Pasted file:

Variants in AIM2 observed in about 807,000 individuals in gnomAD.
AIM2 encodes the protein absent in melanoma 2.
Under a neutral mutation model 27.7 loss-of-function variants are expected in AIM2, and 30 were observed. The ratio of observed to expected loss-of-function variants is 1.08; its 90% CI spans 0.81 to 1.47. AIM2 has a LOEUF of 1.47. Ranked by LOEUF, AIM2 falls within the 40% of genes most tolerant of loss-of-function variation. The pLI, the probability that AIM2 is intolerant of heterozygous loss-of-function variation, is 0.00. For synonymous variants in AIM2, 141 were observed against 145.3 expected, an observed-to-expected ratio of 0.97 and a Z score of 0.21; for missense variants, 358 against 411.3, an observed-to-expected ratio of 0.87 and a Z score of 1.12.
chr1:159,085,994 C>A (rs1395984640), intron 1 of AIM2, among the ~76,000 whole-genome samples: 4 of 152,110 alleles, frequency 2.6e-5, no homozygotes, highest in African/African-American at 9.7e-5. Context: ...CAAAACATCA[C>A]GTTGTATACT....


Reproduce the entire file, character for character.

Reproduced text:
Variants in AIM2 observed in about 807,000 individuals in gnomAD.
AIM2 encodes the protein absent in melanoma 2.
Under a neutral mutation model 27.7 loss-of-function variants are expected in AIM2, and 30 were observed. The ratio of observed to expected loss-of-function variants is 1.08; its 90% CI spans 0.81 to 1.47. AIM2 has a LOEUF of 1.47. Ranked by LOEUF, AIM2 falls within the 40% of genes most tolerant of loss-of-function variation. The pLI, the probability that AIM2 is intolerant of heterozygous loss-of-function variation, is 0.00. For synonymous variants in AIM2, 141 were observed against 145.3 expected, an observed-to-expected ratio of 0.97 and a Z score of 0.21; for missense variants, 358 against 411.3, an observed-to-expected ratio of 0.87 and a Z score of 1.12.
chr1:159,085,994 C>A (rs1395984640), intron 1 of AIM2, among the ~76,000 whole-genome samples: 4 of 152,110 alleles, frequency 2.6e-5, no homozygotes, highest in African/African-American at 9.7e-5. Context: ...CAAAACATCA[C>A]GTTGTATACT....